“Only they asked me to remember the poor, the very thing I was eager to do.”The Apostle Paul
Yesterday I was reading Galatians 2. Paul’s explaining to the believers in Galatia how he started out in his work as an apostle, and he’s storying for them an interaction he and Barnabas had with some of the original apostles in Jerusalem who had walked with Jesus, and (more to the point) who had stewarded the burgeoning Jesus movement thus far. In this interaction, the original apostles recognize the hand of God on Paul, and on his sense of calling to the many, many nations who were not Jewish, and they agree to bless him and his work.
Handing over responsibility and authority, but with a caveat
They had one caveat, though, and that caught my attention. As an apostolic worker myself, I understand the sense of responsibility and concern that comes with desiring to see the gospel transmitted whole and entire from culture to culture, and from generation to generation. Yesterday, as I read Paul’s account of that interaction, I realized I was witnessing an apostolic community hand off some responsibility and some authority to transmit the Jesus Way over barriers, and with it an expression of something they thought was of such importance, of such intrinsic defining value, that they made sure to explicitly mention it and ask that attention be paid to it.
“Yes, you can borrow the car, just make sure you buckle up and obey the speed limit.”
“Yes, you can marry my daughter, just know she’s precious to me, and make sure you treat her right.”
“Yes, you can carry the gospel to the Gentiles just as if you were one of us, just make sure you…”
What would you say next? Think about the tradition you grew up in, if you grew up in the church. What would leaders in that tradition say, if they only got one shot at saying what they thought was the most important aspect of the gospel?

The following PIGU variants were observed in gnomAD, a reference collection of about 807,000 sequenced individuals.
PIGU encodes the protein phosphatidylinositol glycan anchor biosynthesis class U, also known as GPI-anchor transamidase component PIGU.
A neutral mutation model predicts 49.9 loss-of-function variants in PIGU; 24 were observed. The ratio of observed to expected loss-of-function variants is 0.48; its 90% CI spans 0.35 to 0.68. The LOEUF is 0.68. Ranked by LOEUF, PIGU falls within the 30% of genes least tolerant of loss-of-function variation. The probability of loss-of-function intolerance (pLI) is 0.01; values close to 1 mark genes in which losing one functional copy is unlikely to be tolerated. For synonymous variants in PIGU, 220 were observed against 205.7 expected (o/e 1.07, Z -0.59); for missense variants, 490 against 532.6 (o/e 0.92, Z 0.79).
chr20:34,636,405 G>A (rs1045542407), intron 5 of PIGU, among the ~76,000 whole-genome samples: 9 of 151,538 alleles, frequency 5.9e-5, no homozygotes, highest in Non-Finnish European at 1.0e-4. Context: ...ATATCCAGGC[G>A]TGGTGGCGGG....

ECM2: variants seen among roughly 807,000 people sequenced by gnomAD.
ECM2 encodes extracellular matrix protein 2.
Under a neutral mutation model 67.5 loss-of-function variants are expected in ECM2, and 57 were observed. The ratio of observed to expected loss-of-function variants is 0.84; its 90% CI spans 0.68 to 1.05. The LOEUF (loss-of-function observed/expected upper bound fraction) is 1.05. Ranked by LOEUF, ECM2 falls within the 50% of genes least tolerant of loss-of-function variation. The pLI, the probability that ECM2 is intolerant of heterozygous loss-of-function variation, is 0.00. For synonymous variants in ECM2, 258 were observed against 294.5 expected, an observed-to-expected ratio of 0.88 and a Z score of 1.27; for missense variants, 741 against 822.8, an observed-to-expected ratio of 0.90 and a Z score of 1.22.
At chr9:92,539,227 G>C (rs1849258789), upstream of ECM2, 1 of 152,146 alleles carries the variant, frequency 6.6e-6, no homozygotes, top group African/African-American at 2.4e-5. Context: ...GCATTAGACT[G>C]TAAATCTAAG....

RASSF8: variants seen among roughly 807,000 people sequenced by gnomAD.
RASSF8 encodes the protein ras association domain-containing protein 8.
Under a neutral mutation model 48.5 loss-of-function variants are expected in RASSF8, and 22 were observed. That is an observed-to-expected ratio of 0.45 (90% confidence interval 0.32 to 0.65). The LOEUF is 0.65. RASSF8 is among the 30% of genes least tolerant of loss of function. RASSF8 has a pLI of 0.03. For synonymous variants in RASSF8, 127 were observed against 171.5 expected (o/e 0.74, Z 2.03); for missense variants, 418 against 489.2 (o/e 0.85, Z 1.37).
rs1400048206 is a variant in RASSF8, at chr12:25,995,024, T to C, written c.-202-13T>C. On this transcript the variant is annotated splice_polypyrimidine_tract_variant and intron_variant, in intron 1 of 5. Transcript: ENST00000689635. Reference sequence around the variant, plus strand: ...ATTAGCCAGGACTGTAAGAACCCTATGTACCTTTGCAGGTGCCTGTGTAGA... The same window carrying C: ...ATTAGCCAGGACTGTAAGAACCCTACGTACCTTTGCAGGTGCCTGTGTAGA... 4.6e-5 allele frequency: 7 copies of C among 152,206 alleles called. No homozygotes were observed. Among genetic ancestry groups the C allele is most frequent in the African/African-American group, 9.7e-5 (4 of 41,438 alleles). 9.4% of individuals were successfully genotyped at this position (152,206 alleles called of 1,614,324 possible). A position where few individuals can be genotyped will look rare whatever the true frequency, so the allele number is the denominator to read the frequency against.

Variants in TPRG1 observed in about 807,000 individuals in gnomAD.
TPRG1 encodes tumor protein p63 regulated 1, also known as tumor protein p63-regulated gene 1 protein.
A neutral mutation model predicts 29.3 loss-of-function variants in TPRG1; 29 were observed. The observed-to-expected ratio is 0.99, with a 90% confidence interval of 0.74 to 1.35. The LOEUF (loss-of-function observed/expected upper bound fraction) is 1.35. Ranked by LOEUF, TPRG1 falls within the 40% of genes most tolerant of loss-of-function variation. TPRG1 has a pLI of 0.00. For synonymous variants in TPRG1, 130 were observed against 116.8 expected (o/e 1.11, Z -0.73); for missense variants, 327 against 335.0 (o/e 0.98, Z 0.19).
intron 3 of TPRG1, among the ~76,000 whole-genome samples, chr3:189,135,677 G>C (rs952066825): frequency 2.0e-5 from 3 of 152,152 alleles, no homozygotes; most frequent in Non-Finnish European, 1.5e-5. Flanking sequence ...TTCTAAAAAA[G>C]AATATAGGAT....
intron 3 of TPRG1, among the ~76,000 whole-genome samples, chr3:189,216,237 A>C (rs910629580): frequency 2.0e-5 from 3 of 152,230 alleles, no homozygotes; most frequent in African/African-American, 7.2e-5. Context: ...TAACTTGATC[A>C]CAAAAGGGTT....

The original apostles said, “Remember the poor,” and Paul said, “That’s just what I was thinking.”
Why this one caveat?
What does that mean? Remember to preach to the poor? To care for the poor? To teach disciples to preferentially look after the poor? To train churches to address poverty by addressing the poor?
Probably all of that. Even more interesting to me is this question. What was their understanding of the Jesus Way, and of the gospel, that focusing on the poor was understood to be so absolutely, definingly central to the Jesus Way that to fail to remember it would be to lose the Way entirely? And do we view the gospel as something that demands, definitionally, that we remember the poor lest we violate the message and its mission?
I need to think about this more. Not because I don’t already care about the poor, but because what if my view of the gospel, which I have been refining for 30 years, needs refinement? Wouldn’t that be exciting, and where might that adventure take me?
For now, let me ask you today to remember the poor.